Walking around the wonderful old town of Mertola, the thing that struck me (literally) was just how hot it was, even in autumn the heat is fierce. I can’t imagine what it must be like during the summer months when temperatures are often in the mid-30s celsius or higher. The narrow lanes don’t allow much breeze in and the constant walking up and down the steep streets soon had me fantasising about air conditioning. The heat certainly explains the generally laid back approach to life that you find in this region.
Modern Mertola is a place that belies its history. Walking the narrow cobbled streets, weaving between beautiful whitewashed houses as you pass down tiny alleys and constricted lanes, it’s hard to imagine the successive waves of history that have washed over the town: Phoenician, Roman and Moor, just some of the cultures which established themselves in Mertola.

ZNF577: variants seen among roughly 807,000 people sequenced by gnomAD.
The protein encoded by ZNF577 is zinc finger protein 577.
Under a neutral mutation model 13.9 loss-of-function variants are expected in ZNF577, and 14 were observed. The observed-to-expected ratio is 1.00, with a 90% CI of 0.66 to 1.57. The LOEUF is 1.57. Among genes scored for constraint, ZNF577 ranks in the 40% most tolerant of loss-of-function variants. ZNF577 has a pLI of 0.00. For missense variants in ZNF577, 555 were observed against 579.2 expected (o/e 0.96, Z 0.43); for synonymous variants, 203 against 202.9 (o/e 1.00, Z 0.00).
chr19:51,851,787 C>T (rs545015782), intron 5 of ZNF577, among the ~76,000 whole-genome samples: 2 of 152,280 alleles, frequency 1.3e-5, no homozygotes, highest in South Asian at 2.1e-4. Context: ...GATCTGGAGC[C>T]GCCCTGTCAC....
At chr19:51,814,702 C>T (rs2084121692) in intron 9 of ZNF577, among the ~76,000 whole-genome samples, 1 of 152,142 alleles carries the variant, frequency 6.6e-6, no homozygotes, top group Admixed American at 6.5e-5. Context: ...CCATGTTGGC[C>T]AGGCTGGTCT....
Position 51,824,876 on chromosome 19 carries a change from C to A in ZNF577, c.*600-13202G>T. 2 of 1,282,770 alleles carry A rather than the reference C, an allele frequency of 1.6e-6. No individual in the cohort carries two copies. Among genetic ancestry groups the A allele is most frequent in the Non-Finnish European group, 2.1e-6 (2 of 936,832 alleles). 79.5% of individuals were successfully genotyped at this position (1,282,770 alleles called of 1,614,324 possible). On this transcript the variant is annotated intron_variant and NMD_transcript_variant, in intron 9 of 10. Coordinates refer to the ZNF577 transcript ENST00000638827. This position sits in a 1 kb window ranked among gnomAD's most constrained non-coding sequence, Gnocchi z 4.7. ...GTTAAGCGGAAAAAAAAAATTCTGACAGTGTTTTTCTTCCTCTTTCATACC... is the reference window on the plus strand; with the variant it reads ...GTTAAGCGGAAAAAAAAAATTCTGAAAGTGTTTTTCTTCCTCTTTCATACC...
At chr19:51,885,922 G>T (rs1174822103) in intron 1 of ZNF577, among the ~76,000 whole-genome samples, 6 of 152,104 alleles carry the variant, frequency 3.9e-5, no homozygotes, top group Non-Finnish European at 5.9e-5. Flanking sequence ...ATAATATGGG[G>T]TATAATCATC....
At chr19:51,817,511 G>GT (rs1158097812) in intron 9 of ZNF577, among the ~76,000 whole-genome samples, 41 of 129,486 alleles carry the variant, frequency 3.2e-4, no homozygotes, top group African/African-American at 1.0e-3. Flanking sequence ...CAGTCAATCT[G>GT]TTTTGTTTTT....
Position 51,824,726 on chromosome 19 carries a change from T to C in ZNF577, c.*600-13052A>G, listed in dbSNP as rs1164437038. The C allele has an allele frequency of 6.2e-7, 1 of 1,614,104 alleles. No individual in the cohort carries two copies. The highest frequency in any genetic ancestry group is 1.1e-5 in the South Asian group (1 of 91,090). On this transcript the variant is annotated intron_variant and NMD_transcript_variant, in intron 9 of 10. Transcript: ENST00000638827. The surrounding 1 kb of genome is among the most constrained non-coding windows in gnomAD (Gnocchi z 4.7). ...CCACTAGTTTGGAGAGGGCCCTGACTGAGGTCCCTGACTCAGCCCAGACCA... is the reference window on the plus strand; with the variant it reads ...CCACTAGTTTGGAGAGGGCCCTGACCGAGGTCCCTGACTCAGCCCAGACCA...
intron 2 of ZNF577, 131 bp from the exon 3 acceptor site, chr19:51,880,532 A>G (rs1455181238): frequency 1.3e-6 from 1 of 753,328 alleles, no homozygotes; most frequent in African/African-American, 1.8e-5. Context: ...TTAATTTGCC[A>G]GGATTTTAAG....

It is even harder today to imagine that the equally sleepy Rio Guadiana was a major international trade route connecting Mertola to the whole of the Mediterranean, encompassing southern Europe, North Africa and the Middle East, as well as the Atlantic coast of West Africa.
The town was well established by the period of Classical Antiquity. The Roman-era Torre do Rio, the fortified tower built to guard Mertola’s vital port during Roman times, is still visible on the banks of the river, the medieval walls towering overhead. Known as the Flumen Anas to the Romans, the river’s modern name ‘Guadiana’ is derived from the Arabic ‘Wadi Ana’ dating from the 500-year period of Moorish control over this region.
The sleepy streets and the slow pace of life lend themselves to quiet contemplation. Standing on the banks of the river, day or night, Mertola’s rich history is reflected in the deep, dark waters of the river. We left the town on a circuitous route towards the coast, but not before one last look at Mertola’s watery reflection from the opposing bank of the river.